Sunday, April 19, 2009
Happy Easter! Here are the red eggs and the Easter bread called tsoureki. My Greek friend Yotta writes from her village near Delphi: I am at my home town with my old parents. We are roasting the lamb on the spit. The whole village is covered with smoke which went up higher and higher and made a cloud this morning.
Sunday, April 12, 2009
We don't always celebrate Easter the same day as everyone else. This year, while many people are having Easter egg hunts and eating chocolate bunnies, we Orthodox are celebrating Palm Sunday. My sons were born in Greece and I have always tried to keep up the Greek traditions for them. You might say that when in Rome, etc., but I have been Orthodox for more than 50 years and anyway am used to being different and not fitting in.
The main reason that Greek (and Russian, Serbian, etc.) Orthodox Easter sometimes falls on a different Sunday from Western Easter is that it must come after the Jewish Passover,which began last Wednesday and lasts for seven or eight days. The rest of the calculations for Easter, involving lunar calendars and something called a golden number, are really beyond me.
Added to this complicated business is the fact that many Orthodox did not accept the Gregorian calendar when it was introduced in 1582 (there is a reason for the word Orthodox) and still use the Julian or "old" calendar, which is 13 days behind. All Orthodox churches, however, celebrate Easter on the same day.
So on Saturday, Eastern Orthodox people will go to church around midnight and wait silently for the priest to bring out the candle which represents the new light and to announce "Christos Anesti" or whatever the word is in the local language. The Russian is something like "Christos Vaskreshi". The flame passes from candle to candle until every taper is lit, and the people try to keep the flame going until they get home, when they will smoke a cross over the doorsill and light the lamp in front of their own icon stands.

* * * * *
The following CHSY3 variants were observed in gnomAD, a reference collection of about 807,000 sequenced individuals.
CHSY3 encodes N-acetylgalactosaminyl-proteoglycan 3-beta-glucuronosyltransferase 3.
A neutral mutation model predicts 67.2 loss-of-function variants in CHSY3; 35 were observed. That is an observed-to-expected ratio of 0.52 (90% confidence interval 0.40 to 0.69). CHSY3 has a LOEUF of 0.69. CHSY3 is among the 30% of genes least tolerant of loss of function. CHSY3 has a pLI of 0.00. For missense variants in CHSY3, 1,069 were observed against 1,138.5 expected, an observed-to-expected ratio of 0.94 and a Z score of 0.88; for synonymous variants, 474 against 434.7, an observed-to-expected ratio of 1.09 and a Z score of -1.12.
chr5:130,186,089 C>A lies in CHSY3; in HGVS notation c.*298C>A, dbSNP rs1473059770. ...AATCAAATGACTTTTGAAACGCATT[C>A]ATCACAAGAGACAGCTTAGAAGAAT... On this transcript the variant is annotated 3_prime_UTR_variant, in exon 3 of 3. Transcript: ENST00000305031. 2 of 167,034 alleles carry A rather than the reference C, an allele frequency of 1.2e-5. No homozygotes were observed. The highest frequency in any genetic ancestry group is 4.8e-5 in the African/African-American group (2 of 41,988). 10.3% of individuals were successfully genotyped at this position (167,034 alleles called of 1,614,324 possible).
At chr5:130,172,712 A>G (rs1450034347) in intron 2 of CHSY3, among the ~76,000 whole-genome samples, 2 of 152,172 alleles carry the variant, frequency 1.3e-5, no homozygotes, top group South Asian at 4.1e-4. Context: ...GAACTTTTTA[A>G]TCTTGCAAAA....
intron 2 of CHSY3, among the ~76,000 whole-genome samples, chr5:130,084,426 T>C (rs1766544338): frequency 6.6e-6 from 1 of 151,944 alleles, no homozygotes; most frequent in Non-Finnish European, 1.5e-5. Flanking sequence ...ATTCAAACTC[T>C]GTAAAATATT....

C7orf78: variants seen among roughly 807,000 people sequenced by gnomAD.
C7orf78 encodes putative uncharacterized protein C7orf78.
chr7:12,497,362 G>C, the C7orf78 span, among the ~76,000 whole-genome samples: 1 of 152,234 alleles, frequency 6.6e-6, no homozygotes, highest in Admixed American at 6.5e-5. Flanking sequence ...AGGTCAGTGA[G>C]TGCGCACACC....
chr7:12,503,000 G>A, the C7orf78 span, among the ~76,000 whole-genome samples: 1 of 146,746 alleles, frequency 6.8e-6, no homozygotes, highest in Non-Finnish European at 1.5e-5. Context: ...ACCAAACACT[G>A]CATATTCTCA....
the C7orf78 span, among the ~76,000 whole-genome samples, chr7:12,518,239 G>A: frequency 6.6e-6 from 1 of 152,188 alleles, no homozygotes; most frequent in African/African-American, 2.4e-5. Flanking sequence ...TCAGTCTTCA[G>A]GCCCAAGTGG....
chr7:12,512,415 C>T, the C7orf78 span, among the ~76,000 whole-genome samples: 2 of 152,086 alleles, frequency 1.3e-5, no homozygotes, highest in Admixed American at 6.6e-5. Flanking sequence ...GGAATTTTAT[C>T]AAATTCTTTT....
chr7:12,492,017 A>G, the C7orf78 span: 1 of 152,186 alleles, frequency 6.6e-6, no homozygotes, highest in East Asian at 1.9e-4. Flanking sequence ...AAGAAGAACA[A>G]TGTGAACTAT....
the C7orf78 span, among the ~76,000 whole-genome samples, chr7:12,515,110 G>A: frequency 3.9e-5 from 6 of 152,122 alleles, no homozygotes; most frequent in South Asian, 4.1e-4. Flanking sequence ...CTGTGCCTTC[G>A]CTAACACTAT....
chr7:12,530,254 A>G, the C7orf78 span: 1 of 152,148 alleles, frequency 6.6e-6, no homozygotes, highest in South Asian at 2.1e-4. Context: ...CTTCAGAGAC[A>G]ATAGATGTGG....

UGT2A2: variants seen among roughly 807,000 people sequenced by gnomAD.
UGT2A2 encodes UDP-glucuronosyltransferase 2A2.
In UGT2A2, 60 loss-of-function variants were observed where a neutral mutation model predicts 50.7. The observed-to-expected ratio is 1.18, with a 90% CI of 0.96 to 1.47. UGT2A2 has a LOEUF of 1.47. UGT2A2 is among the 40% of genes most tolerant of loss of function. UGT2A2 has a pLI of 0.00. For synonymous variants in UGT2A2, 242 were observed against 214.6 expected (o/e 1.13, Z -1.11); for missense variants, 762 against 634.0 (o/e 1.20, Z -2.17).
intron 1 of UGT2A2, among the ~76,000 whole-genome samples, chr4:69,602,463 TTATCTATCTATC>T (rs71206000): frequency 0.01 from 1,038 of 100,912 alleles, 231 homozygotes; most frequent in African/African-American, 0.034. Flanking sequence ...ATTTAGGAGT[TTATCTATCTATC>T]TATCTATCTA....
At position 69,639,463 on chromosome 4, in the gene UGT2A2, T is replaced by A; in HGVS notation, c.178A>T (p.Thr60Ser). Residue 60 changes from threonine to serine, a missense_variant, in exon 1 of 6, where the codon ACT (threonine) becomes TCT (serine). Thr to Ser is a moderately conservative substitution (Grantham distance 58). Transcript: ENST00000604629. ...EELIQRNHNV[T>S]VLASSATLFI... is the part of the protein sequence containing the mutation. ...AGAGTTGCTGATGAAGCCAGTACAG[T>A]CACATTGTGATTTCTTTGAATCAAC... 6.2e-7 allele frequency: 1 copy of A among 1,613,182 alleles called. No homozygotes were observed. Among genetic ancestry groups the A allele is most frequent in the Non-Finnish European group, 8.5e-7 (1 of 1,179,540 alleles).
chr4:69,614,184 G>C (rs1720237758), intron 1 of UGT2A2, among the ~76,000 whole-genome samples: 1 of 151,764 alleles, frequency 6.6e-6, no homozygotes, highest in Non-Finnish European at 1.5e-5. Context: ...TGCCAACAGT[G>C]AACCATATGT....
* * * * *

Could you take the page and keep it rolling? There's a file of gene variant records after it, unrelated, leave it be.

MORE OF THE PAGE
Our church stands on a hill in San Francisco. When the Easter service is over, you can wait at the bottom of the hill and watch a candlelit procession as some 700 smiling, sleepy people guard their little flames on the way to their cars. Driving home, usually at about two in the morning, you can sometimes see another small flame dimly illuminating a nearby car.
(Giotto, Palm Sunday)
Saturday, April 11, 2009
Anne Lamott's Bird By Bird, subtitled Instructions on Writing and Life, is one of those books which should be written with a capital B. To summarize the premise would deny a potential reader the great pleasure of reading Anne's words, but it is a thought about which I need reminding from time to time.
The Greeks have a saying (don't they always?) which goes "Fasouli, fasouli, yemis' to sakkouli". Bean by bean, the bag is filled. A friend once told me that her sister, overwhelmed by an out-of-control yard, decided on the salami method of gardening: One slice at a time. She would take care of the weeds directly in front of her and save the rest for the next time.
In my old Skyline piano class, we had a motto for learning a piece of music: Particular by particular, we approach the general.
Nicodemus has completed 38 of 40 radiation treatments for prostate cancer. We have been told that this has a good chance of eliminating the tumor. Since his diagnosis four months ago, it has been difficult and necessary to remember, as he marches off every day for treatment, that Fasouli Fasouli Gemis' To Sakkouli.